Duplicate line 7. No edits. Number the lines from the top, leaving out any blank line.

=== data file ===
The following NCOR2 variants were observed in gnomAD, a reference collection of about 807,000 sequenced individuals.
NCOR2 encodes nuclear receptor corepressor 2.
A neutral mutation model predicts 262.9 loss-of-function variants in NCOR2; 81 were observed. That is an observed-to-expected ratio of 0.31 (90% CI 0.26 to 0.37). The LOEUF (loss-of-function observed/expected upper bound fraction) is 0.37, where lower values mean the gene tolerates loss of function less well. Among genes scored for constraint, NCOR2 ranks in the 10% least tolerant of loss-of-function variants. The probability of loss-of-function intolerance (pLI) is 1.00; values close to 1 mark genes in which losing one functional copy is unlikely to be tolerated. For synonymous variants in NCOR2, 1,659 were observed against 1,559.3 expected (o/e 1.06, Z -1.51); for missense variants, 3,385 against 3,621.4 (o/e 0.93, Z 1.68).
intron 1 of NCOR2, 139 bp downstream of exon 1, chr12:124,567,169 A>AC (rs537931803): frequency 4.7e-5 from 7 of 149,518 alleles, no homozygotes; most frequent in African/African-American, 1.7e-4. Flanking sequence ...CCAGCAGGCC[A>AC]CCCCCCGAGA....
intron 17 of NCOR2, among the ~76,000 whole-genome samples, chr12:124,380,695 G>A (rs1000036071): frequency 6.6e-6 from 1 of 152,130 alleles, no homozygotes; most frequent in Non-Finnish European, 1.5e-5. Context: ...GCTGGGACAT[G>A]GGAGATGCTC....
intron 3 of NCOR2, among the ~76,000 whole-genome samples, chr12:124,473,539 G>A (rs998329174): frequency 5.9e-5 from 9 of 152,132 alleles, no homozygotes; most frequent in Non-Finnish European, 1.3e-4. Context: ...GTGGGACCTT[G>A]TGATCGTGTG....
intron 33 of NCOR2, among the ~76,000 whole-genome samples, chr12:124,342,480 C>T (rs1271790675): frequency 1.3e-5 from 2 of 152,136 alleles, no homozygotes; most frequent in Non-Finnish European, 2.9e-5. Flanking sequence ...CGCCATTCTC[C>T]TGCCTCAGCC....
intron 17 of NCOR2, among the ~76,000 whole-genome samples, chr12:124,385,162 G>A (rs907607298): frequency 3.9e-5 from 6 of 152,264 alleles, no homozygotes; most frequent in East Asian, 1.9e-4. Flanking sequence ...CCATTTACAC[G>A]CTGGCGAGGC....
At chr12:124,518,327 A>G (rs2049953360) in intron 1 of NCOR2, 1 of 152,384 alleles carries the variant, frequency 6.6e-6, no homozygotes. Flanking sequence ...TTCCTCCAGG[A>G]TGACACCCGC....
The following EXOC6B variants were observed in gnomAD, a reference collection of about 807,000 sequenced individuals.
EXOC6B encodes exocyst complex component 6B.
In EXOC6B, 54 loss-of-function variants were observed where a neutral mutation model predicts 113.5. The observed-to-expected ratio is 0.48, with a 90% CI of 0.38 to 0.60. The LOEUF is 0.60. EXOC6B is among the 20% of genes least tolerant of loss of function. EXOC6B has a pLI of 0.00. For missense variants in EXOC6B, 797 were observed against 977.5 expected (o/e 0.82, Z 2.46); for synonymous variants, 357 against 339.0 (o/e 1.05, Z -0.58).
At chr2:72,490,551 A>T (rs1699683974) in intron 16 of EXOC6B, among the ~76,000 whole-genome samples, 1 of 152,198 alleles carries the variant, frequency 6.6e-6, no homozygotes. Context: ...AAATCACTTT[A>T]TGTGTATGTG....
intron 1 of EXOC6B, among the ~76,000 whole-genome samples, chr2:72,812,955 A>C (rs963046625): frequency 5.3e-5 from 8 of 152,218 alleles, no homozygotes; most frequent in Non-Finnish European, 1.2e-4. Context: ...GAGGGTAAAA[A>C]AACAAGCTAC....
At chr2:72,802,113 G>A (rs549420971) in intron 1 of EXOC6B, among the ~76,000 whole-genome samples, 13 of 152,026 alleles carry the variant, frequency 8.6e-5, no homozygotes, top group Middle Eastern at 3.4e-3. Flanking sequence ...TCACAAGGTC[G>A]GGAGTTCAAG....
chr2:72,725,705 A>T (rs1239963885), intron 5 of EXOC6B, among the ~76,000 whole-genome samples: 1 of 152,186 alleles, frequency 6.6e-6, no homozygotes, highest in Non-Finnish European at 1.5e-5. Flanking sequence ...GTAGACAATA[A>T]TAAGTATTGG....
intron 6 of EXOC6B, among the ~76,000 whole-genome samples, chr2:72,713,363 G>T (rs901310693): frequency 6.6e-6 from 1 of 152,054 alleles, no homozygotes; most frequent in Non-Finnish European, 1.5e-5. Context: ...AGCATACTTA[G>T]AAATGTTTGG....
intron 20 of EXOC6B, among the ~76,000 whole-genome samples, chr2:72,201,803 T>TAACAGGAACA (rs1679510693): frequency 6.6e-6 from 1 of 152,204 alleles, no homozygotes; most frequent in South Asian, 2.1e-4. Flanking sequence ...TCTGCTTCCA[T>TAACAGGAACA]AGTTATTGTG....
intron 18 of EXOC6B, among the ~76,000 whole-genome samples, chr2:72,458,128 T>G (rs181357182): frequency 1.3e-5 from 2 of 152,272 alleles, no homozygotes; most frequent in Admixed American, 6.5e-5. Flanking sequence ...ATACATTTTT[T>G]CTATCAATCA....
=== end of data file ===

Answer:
intron 33 of NCOR2, among the ~76,000 whole-genome samples, chr12:124,342,480 C>T (rs1271790675): frequency 1.3e-5 from 2 of 152,136 alleles, no homozygotes; most frequent in Non-Finnish European, 2.9e-5. Flanking sequence ...CGCCATTCTC[C>T]TGCCTCAGCC....